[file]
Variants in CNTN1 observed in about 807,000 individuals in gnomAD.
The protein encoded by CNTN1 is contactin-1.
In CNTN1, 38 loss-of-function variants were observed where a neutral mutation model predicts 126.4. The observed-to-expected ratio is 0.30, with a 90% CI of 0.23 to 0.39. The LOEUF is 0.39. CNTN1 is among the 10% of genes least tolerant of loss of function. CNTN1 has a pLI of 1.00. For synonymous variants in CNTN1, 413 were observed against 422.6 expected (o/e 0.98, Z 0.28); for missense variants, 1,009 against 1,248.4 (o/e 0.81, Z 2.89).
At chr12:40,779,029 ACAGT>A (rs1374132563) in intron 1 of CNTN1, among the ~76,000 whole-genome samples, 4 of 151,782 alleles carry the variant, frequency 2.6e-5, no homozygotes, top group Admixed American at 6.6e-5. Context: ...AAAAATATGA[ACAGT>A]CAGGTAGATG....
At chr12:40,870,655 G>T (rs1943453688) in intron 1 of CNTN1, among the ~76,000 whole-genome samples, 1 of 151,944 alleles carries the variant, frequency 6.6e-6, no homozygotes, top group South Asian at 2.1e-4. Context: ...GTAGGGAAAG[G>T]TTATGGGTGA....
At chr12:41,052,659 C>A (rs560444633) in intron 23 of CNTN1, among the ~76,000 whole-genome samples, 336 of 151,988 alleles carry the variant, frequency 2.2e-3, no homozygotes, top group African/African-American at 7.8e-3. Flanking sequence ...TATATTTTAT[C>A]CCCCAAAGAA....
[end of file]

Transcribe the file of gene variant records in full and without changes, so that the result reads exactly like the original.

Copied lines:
Variants in CNTN1 observed in about 807,000 individuals in gnomAD.
The protein encoded by CNTN1 is contactin-1.
In CNTN1, 38 loss-of-function variants were observed where a neutral mutation model predicts 126.4. The observed-to-expected ratio is 0.30, with a 90% CI of 0.23 to 0.39. The LOEUF is 0.39. CNTN1 is among the 10% of genes least tolerant of loss of function. CNTN1 has a pLI of 1.00. For synonymous variants in CNTN1, 413 were observed against 422.6 expected (o/e 0.98, Z 0.28); for missense variants, 1,009 against 1,248.4 (o/e 0.81, Z 2.89).
At chr12:40,779,029 ACAGT>A (rs1374132563) in intron 1 of CNTN1, among the ~76,000 whole-genome samples, 4 of 151,782 alleles carry the variant, frequency 2.6e-5, no homozygotes, top group Admixed American at 6.6e-5. Context: ...AAAAATATGA[ACAGT>A]CAGGTAGATG....
At chr12:40,870,655 G>T (rs1943453688) in intron 1 of CNTN1, among the ~76,000 whole-genome samples, 1 of 151,944 alleles carries the variant, frequency 6.6e-6, no homozygotes, top group South Asian at 2.1e-4. Context: ...GTAGGGAAAG[G>T]TTATGGGTGA....
At chr12:41,052,659 C>A (rs560444633) in intron 23 of CNTN1, among the ~76,000 whole-genome samples, 336 of 151,988 alleles carry the variant, frequency 2.2e-3, no homozygotes, top group African/African-American at 7.8e-3. Flanking sequence ...TATATTTTAT[C>A]CCCCAAAGAA....